by Chris Becker
ECB President Mario Draghi failed to provide two solutions last night following the ECB’s monthly rate meeting, where the refinancing rate was kept at 0.05% and deposit rates in the negative.
First, no real solution to the ongoing European deflation/unemployment quagmire and secondly, no pumping of the asset markets with liquidity to keep the speculators in The City and elsewhere happy.
As a result, European stocks fell, led by the embattled Italian banks, but all across the continent major and minor bourses were sold off as the ephermal gains for 2014 were wiped out. In related markets, the Euro staged a small rally against the USD while the varied bond market saw sell offs in the peripheral Spanish and Italian ten years (yields up to 2.14% and 2.35% respectively), Greek bonds saw a small bid while the German 10 year Bund was bid.
What did Mario come up with that made the market ditch it like 5 day old fish?
Another round of quasi-purchases, that is, a two year program to scoop up covered bonds (starting this month) and other asset-backed securities later this year. Although expectations were for an epic 1 trillion euro size program, the ECB President threw cold water on that target and ruled out any purchase of government bonds.
There was speculation that not wanting to lock in a definite number probably came from the German side (centre – ok, vice like grip) who wanted to limit such purchases. The problem is the covered bond/securities markets they are targeting, even with a massive price tag, are way off from where any targeted stimulus needs to be.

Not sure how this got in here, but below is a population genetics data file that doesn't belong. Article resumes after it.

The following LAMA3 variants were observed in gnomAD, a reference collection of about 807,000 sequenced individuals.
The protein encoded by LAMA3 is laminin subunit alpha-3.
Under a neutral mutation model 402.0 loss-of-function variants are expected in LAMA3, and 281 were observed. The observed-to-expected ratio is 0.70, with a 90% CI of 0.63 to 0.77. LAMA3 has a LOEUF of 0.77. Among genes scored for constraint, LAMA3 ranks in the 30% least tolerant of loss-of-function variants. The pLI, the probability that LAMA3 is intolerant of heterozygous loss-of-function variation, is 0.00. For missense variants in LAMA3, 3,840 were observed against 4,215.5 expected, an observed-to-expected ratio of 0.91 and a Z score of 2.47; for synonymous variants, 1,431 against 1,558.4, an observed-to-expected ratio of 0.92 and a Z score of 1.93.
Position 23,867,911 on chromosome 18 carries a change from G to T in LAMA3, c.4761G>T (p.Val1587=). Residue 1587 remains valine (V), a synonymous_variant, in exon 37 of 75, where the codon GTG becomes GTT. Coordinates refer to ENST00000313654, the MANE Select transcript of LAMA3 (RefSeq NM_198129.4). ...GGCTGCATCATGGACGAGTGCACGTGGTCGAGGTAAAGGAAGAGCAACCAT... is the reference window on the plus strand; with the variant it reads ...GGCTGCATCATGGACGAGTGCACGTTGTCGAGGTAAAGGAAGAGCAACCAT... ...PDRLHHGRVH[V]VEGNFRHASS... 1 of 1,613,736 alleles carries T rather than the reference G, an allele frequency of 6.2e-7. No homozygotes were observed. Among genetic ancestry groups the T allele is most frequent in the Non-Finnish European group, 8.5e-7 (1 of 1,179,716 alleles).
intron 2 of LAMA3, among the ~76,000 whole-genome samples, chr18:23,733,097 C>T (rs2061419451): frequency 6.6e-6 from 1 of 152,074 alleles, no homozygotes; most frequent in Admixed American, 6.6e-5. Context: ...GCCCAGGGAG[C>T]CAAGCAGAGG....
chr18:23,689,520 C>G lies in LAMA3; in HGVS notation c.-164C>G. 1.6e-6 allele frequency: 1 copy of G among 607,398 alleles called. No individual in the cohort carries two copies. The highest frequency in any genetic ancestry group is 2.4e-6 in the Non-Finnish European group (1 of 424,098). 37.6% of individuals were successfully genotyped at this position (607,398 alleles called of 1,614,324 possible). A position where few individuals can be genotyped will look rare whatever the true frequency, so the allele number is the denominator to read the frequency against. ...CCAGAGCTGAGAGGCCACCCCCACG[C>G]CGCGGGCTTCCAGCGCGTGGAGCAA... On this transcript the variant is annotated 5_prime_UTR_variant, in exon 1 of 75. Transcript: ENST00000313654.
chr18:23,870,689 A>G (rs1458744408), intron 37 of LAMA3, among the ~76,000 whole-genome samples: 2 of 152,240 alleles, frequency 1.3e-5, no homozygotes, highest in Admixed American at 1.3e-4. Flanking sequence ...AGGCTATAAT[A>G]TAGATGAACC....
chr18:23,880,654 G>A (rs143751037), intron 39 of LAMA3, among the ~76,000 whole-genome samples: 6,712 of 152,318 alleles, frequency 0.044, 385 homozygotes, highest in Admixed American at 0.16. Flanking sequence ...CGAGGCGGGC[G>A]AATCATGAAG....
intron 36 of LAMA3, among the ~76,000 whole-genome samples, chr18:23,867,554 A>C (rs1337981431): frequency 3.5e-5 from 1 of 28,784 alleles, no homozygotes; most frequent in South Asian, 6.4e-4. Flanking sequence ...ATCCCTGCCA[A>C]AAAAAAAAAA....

Here are the Austrians (lowest unemployment in the EU) complaining:
Austrian Central Bank President Ewald Nowotny opposed today’s decision on concerns over the risks it adds to national central bank balance sheets, according to euro-zone officials who asked not to be identified because the discussion was confidential. Bundesbank President Jens Weidmann opposed the whole package including the ABS program at the September meeting, officials said last month.
In the press conference immediately afterward – not as boring as usual – Draghi was really on the back foot, staunchly defending his actions in what he sees as his rock/hard place:
- The economy is still fundamentally weak. The recent weakening in the euro area’s growth momentum, alongside with heightened geopolitical risks, could dampen confidence and, in particular, private investment.
- I find this description of the ECB as the guilty actor here needs to be corrected. Other policy areas need to contribute decisively.
- We are going to gear our action according to how the medium-term outlook of our inflation expectations will develop in the coming months. Not coming years. Coming months.
Mario sounds peeved. And why wouldn’t he with the core, low unemployment and highly indebted banking nations like Austria and Germany dictating to the rest of the continent that austerity should rule amid near record high unemployment and ridiculous scares about inflation.
This is a continent teetering on the edge of a Japanese style deflation, with core inflation below 1% and dropping, with the five year forward breakeven rate falling below 2% from earlier in the year and now at 1.9% even after the ECB cut rates and pre-empted the current plan.
There is probably only one more card the ECB can play – if allowed – and that is sovereign bond purchases. Because there is time running out going down the austerity path, as the demonstrations in Naples overnight show a (southern) continent seething again – Naples has a local unemployment rate of 25% while Italian youth unemployment is running at 44%!